# Introduction

The last session looked at modelling the growth of a single population. This class we will extend that into looking at two interacting populations, particularly predator-prey models. These types of model mainly look at the interaction between one species which is the prey for another species, the predators.

We have already seen a basic population model

$\frac{\text{dN}}{\text{dt}}=\text{βN}-\text{δN}$

where β and δ are the birth and death rates respectively. Now we will introduce some predators denoted by P(t). Let us assume, naively, that the prey can only be die because they are being eaten by the predators but the rate at which they are eaten will depend on the number of prey and the number of predators. This gives us our new equation for the prey, our N  from before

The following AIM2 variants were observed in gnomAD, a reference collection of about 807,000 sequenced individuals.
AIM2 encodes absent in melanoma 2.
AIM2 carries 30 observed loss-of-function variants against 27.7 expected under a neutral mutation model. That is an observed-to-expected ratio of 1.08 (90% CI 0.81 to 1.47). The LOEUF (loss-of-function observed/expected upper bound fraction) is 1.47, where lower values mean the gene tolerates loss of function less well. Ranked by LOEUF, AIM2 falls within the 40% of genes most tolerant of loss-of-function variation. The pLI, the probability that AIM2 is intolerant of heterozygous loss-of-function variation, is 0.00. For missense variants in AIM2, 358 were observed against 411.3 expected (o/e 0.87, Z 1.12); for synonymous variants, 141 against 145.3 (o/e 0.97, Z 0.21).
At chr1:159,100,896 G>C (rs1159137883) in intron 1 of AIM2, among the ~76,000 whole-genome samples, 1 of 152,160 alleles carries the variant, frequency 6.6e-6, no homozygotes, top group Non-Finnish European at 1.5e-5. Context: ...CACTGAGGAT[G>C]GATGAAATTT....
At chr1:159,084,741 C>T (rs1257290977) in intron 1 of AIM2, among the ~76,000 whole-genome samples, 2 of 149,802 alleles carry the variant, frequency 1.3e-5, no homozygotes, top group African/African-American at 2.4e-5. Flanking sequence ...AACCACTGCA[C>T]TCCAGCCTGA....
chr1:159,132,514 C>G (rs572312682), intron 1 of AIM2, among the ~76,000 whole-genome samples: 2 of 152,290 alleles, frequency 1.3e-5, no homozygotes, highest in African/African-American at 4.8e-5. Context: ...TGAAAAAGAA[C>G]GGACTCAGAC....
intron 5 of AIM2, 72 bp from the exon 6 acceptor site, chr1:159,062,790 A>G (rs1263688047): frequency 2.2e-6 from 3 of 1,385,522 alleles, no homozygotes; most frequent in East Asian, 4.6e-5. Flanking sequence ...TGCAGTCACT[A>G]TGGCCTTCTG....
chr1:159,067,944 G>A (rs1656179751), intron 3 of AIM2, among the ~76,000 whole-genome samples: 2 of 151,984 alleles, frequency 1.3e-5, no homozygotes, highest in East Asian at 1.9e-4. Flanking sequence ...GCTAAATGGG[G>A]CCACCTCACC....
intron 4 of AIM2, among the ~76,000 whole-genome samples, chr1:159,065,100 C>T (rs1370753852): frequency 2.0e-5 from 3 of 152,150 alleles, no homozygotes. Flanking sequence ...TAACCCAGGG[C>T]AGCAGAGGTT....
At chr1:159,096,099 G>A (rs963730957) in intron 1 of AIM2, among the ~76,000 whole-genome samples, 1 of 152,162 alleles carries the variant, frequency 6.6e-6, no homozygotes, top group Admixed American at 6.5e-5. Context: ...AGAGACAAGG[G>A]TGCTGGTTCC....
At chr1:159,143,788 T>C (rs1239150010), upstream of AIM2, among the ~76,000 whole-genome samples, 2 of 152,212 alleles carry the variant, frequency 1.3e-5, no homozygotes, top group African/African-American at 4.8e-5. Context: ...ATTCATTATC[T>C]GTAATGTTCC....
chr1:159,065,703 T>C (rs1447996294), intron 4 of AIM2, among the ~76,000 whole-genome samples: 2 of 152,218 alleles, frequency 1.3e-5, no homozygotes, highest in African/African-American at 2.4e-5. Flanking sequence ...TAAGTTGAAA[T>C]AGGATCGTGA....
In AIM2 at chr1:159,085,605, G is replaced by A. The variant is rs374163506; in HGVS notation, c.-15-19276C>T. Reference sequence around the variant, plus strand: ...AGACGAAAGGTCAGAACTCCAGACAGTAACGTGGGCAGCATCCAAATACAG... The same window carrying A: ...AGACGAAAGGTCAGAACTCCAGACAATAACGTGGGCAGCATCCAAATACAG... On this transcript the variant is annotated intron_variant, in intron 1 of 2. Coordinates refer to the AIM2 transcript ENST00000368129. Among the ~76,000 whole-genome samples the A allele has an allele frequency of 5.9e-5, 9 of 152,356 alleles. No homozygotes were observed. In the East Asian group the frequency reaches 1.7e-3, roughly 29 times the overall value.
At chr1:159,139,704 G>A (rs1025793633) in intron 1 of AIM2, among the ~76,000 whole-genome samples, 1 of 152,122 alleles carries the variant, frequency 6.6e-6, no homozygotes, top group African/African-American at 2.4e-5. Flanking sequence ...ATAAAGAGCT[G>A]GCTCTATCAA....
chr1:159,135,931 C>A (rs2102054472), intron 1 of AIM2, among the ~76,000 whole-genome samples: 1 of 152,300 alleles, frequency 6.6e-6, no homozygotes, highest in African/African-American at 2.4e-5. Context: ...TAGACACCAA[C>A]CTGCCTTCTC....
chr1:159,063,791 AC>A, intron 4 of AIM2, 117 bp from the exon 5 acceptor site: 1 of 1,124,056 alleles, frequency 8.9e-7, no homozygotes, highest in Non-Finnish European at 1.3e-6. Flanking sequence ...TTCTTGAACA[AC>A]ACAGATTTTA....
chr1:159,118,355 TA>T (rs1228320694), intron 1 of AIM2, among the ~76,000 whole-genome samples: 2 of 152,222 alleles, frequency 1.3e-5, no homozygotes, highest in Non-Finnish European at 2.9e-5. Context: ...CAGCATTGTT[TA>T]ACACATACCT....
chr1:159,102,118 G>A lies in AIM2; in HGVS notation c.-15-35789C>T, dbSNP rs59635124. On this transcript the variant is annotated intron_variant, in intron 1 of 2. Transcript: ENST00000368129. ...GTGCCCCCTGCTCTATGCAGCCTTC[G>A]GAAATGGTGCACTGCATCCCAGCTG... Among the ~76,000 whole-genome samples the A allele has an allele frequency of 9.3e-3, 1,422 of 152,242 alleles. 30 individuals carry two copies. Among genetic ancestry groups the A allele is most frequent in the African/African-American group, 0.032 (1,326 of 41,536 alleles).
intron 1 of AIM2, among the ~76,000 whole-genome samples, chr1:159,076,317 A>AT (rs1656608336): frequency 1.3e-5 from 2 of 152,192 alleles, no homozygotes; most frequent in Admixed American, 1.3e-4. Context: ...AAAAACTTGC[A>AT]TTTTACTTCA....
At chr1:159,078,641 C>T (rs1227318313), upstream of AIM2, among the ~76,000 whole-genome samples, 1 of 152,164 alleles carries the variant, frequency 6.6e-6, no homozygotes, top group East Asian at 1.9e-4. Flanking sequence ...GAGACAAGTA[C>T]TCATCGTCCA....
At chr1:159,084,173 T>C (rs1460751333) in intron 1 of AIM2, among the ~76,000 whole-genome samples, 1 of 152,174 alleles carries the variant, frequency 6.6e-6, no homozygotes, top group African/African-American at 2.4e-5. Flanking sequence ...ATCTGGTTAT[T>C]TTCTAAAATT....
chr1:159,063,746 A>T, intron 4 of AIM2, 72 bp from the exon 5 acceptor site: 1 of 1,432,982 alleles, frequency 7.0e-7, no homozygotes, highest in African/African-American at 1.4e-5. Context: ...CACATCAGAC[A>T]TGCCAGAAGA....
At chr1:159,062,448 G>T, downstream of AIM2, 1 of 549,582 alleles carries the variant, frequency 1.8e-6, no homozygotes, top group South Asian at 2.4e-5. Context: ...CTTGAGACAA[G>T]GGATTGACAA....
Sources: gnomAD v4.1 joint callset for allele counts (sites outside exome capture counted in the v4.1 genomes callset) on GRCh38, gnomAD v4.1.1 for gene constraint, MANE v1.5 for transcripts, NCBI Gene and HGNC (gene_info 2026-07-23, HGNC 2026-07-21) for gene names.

$\frac{\text{dN}}{\text{dt}}=\text{aN}-\text{bNP}$

where a>0 is the birth rate of the prey and b>0 the rate at which they get eaten. Now we also need an equation for the predators. They die at some rate, again we assume naively that they only die of natural causes but their birth rate depends on how many prey are available. The more prey, the more food available and so the population will grow faster. Putting this together gives us an equation for the predators

$\frac{\text{dP}}{\text{dt}}=\text{cNP}-\text{dP}$

Here c>0 is the birth rate of the predators and d>0 the death rate. As both N and P appear in both equations they need to be treated as a system of equations. This gives us what is known as the Lotka-Volterra system:

$\frac{\text{dN}}{\text{dt}}=\text{aN}-\text{bNP}$
$\frac{\text{dP}}{\text{dt}}=\text{cNP}-\text{dP}$

## Information

This resource was created as part of the Educational Development Unit's ASP2 project, developing resources for the Applied Science degree at the University of the Highlands and Islands.

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